In the Beginning: Cosmogonic Myth and Oneness
The cosmogonic myth — or mythical creation story — is a fascination of mine. I collect these stories like a magpie, mentally tucking them into my nest of tales and traditions, bringing them out now and again to mull over.
The Norse cosmogonic myth is one of my favorites: a yawning gap lies between two polar realms, one of ice and one of fire. When they meet in this middle ground of pure nothingness — a perfect balance, where all is potential — the fire melts the ice, kindles the frozen life-bringing yeast, which forms the first being, a jotun (meaning “devourer”) named Ymir. More beings follow, and eventually the first Asgardians Odin and his brothers rend Ymir into bits, building what we know of the universe from his body parts. The first humans, Ask and Embla, were pieces of driftwood breathed upon and given sparks of intelligence by the destroyers of Ymir — pieces, it can be assumed, of Ymir’s own body.
The beginning of that myth reminds me of the concepts of yin and yang in Chinese Taoism — yin being the principle of emptiness, cold, passivity, darkness; yang the principle of fullness, heat, energy, light. Where yin recedes, yang advances — it’s this dance that creates the shifting, swaying balance of the universe. And, as with Ginnungagap, before yin and yang split into being, they existed in a neutral state of nothingness.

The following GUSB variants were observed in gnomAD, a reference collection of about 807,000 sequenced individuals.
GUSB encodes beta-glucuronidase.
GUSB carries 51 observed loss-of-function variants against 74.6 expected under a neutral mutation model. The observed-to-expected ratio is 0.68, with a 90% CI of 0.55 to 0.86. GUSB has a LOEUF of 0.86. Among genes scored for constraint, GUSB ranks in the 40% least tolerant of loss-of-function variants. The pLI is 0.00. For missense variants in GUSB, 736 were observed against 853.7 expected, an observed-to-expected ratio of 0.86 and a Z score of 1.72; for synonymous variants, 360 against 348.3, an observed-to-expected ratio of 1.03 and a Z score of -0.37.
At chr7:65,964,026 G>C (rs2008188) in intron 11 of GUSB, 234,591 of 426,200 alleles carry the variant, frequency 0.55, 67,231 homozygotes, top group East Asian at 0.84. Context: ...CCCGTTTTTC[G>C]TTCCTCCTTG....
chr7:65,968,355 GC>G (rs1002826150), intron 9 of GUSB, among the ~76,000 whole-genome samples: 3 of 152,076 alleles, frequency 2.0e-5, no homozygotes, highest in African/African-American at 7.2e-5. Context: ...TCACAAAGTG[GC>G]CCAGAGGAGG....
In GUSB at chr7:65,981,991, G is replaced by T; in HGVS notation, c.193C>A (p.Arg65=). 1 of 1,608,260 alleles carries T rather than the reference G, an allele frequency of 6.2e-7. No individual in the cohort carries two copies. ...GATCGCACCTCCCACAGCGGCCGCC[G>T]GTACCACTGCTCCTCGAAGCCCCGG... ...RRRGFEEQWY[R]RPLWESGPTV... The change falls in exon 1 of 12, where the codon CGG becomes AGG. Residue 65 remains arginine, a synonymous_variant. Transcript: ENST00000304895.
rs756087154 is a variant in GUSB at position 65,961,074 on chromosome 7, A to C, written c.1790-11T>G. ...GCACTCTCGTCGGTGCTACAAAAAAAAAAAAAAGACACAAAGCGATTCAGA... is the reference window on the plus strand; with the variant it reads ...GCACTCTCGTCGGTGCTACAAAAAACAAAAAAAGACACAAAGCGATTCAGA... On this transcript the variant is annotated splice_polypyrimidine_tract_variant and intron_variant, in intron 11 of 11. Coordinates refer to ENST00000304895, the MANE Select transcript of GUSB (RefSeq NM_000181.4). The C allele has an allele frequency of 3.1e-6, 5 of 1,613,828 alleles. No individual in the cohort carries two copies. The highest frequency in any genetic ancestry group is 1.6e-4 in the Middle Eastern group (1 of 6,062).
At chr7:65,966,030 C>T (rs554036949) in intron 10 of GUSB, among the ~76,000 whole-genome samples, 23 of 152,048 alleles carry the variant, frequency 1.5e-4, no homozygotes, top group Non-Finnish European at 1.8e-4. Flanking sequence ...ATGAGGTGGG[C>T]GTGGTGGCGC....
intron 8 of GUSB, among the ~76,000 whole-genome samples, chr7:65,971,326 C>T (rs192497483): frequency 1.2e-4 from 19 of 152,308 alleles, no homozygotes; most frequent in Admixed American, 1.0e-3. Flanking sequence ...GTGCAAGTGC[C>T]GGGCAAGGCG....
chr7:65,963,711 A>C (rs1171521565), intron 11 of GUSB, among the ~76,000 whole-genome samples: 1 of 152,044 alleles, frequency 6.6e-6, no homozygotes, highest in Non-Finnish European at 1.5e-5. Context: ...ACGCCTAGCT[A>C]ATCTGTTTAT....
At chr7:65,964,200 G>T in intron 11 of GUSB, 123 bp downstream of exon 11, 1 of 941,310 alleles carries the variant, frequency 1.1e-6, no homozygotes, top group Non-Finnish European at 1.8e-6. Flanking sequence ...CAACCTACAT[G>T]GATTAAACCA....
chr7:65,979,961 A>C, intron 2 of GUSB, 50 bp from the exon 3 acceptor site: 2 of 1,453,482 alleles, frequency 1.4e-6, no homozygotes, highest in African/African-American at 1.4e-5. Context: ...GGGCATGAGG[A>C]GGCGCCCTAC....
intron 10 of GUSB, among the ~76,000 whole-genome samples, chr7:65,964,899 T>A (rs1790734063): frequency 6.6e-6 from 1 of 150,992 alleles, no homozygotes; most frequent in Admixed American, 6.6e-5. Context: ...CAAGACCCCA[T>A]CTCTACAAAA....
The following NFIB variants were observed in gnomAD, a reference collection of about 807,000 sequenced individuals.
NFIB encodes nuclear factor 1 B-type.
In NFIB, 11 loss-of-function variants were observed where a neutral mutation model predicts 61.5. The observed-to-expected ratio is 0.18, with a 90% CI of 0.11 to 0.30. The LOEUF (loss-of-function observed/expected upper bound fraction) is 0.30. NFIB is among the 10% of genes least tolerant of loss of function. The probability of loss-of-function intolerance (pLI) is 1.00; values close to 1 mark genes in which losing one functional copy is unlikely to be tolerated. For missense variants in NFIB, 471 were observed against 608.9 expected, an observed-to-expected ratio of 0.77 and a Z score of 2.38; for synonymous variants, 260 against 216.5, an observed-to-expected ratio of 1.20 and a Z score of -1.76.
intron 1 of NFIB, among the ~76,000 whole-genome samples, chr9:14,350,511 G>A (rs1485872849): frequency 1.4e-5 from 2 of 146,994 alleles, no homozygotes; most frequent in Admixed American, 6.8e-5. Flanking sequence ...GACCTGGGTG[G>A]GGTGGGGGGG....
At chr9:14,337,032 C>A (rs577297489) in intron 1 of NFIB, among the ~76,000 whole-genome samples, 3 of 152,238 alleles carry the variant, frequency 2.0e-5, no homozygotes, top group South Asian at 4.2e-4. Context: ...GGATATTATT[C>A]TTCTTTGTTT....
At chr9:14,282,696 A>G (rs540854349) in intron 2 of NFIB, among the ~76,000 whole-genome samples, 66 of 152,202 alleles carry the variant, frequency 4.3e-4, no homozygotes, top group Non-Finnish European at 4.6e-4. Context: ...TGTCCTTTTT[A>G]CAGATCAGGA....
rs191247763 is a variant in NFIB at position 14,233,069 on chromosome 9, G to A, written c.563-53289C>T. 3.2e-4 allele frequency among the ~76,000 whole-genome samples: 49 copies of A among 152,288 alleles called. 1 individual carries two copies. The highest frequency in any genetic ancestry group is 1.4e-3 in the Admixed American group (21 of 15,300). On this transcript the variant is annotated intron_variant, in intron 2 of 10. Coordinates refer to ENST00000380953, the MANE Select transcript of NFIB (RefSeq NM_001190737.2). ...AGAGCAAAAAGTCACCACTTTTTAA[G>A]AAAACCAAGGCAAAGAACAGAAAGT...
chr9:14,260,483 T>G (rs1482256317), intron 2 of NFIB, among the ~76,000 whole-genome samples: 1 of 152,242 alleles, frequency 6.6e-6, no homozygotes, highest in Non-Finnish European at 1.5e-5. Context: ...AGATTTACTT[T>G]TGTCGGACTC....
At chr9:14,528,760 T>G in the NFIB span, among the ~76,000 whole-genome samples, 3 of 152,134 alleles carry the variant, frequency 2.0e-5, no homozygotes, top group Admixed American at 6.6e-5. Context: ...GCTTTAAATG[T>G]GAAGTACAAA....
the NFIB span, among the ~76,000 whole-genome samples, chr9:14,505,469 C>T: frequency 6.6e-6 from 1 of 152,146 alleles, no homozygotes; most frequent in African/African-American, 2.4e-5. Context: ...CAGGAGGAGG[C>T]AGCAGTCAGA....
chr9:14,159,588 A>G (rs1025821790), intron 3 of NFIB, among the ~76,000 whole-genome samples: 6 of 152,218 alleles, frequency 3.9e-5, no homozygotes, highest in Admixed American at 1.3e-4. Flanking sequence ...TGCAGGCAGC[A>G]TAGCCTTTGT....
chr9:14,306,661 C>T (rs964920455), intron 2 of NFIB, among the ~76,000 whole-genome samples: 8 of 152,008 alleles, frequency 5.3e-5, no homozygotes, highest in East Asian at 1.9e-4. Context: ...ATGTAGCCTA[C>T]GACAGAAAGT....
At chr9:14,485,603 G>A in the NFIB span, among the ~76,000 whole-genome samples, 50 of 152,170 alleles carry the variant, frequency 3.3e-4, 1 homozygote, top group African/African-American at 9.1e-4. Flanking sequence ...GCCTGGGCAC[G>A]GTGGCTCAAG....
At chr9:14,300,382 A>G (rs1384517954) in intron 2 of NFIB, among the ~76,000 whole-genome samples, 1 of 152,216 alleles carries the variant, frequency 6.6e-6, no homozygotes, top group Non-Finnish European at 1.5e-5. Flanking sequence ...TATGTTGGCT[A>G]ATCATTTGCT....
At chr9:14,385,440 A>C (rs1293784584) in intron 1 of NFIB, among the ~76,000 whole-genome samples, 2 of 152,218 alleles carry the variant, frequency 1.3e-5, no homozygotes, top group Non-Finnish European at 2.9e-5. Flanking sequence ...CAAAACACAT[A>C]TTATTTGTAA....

Another cosmogonic myth I love is the Cosmic Egg myth found in places as far-flung as Iceland and Africa: before everything else, there was an egg, with all that would ever be nestled inside. The egg cracked open, and life burst forth. What fascinates me about this cosmogonic myth is how it poetically parallels current scientific cosmogony: first nothing, and then a single, bright particle of Something — a seed of matter, a fertile egg of being — that explodes into a whole universe, ever expanding and creating. The Cosmic Egg myth is also found among the Finnish, the Egyptians, the Hindus, and other peoples.
The Chinese Taoist myth of Pangu contains similarities to both the Cosmic Egg myth mentioned above and the Norse mythological beginning: the universe began as an egg, from which hatched the intersex deity Pangu, fully formed. When this deity died, like Ymir, Pangu’s body parts became the various parts of the earth.
Why do myths matter? Why do we keep telling them? They satisfy a need in us that other things cannot, though what that is may be different for each person. For me, they are a reminder of a different way of seeing the world. I recall the Australian Aboriginal concept of the Dreamtime, in which creative events occur in a mythic form in the spirit world that impact this physical, living world, only expressed in a different way here. In other words, mythical versions of events are just as real as the scientific, material observations of these events, just experienced from another angle: a storm is electricity and wind currents and rain clouds, and a storm is an angry god or the Furious Host, and the only difference is how we perceive or experience it.
These cosmogonic myths all suggest a similar notion: that everything began in Nothingness, until Something appeared, and we were all inside it together. All of us, a single point of light.